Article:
Eric Pritchard is a partner in Kleinbard Bell & Brecker LLP, Philadelphia. The firm focuses on acquisition and succession strategies.
This article originally appeared in the July 2012 issue of SD&I magazine
Picture this scene: Someone shows up at your subscriber’s residence wearing an official-looking uniform announcing that he is supposed to install new equipment (or re-program existing equipment) because (pick your choice) (a) the current security provider (that’s you!) is no longer in business or (b) a new company merged with the current security provider (nice if you knew about the merger) or (c) the current service provider sold the resident’s account to the new provider or (d) all of the above. Whatever the story, the representative from the new provider eventually manages to re-program your subscriber’s panel to transmit signals to a new monitoring facility and somehow secures the resident’s signature on a new subscriber services agreement.
Sound like fiction? It’s not. It’s called subscriber “poaching” and, over my years in the industry, I’ve seen it again and again–in disputes (that often end up in litigation).
While you can’t prevent people from trying to steal your customers, you can protect your subscriber base from those in the business of wrongfully converting customer accounts with these practical methods. (The word “employee” below also applies to outside sales reps or subcontractors.)
Use restrictive covenants with your employees and contractors. Restrictive covenants work on a number of levels. Just having them in place means many employees will think twice about leaving you to compete or solicit your accounts. Make sure you include provisions governing confidentiality, non-competition, non-solicitation and non-disparagement. Include the right to obtain an injunction to enforce these provisions. (An injunction is a court order requiring someone to do or not do something and can be essential to protecting your account base.) You need to satisfy a number of technical legal requirements to obtain an injunction. Use knowledgeable counsel to cover these and other important items in the agreement.
Include a non-compete. While enforcing a non-compete can be difficult, a well-drafted non-compete, limited in time and scope, often is enforceable under the laws of many states. Don’t try to keep your former employees from a competing for two or three years. Limit the time period to one year—or even six months. Generally speaking, the shorter the duration, the more likely it is that the restriction will be enforced. A year to six months is still a long time to be out of work for someone who needs to put bread on the table.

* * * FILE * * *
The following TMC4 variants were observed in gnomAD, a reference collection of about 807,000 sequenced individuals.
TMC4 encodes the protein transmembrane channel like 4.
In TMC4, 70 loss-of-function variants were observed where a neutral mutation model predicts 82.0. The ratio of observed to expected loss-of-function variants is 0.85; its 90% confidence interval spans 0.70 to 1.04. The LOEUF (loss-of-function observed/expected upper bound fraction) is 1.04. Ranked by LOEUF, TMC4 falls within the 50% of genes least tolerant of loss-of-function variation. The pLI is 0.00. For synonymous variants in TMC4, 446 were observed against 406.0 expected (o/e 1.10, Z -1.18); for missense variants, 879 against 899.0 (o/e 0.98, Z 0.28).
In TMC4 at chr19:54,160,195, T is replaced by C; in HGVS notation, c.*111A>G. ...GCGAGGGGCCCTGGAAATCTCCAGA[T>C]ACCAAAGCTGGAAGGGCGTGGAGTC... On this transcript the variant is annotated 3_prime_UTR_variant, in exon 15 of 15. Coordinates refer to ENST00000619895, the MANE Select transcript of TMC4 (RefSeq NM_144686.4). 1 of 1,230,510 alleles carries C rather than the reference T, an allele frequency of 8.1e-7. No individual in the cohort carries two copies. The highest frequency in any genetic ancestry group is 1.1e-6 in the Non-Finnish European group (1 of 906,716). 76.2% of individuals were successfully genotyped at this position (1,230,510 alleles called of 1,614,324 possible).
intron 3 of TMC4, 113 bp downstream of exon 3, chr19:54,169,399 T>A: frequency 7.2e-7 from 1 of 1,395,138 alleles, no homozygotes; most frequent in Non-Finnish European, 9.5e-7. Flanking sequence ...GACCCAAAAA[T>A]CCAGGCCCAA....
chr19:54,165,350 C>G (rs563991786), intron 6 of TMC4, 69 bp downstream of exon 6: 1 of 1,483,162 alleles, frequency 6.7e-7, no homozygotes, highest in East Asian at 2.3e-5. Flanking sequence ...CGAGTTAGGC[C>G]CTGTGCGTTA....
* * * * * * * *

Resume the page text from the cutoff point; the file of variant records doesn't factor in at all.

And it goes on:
Comply with applicable state employment laws. The laws of different states vary. Can you enforce an employment related restrictive covenant entered into after you offer an employee a job? In many states, the promise of continued employment alone is not sufficient to support enforcement of employment-related restrictive covenants. Are the restrictions narrowly tailored to meet your legitimate business interests? Failure to comply with these and other important issues could leave you without protection. Check with counsel to insure your document can be enforced in court.
A non-solicit differs from a non-compete—make sure you have one. A non-compete means the former employee cannot compete in a line of business within a specific area for a specific time. A non-solicit means the former employee is free to compete—they just can’t solicit business from your accounts. Generally speaking, a non-solicit is more likely to be enforced than a non-compete. Your non-solicit should apply not just to the subscriber but to the premises where the subscriber resides. Require the employee or contractor to refer any inquiries they receive for alarm business to you and to do so promptly and in a courteous manner.
Act promptly to protect your rights. An injunction is the most important weapon you have to protect your client base. It isn’t easy to obtain an injunction (often referred to as “extraordinary relief”) and it can be an expensive process (perhaps not as expensive as letting someone steal your customers, though). If you don’t act promptly, you may lose your right to protection later on.
The current industry vernacular refers to poaching as “slamming.” To me, that’s a term from the long-distance industry referring to unscrupulous practices of sales reps slamming the phone on a customer following their verbal agreement to switch long distance carriers. That’s not quite what we’re talking about here and I don’t like the reference. Frankly, much of this is plain old stealing customers. Let’s call it what it is.
Eric Pritchard is a partner in Kleinbard Bell & Brecker LLP, Philadelphia. This column does not constitute legal advice; contact an attorney who specializes in the industry with specific questions.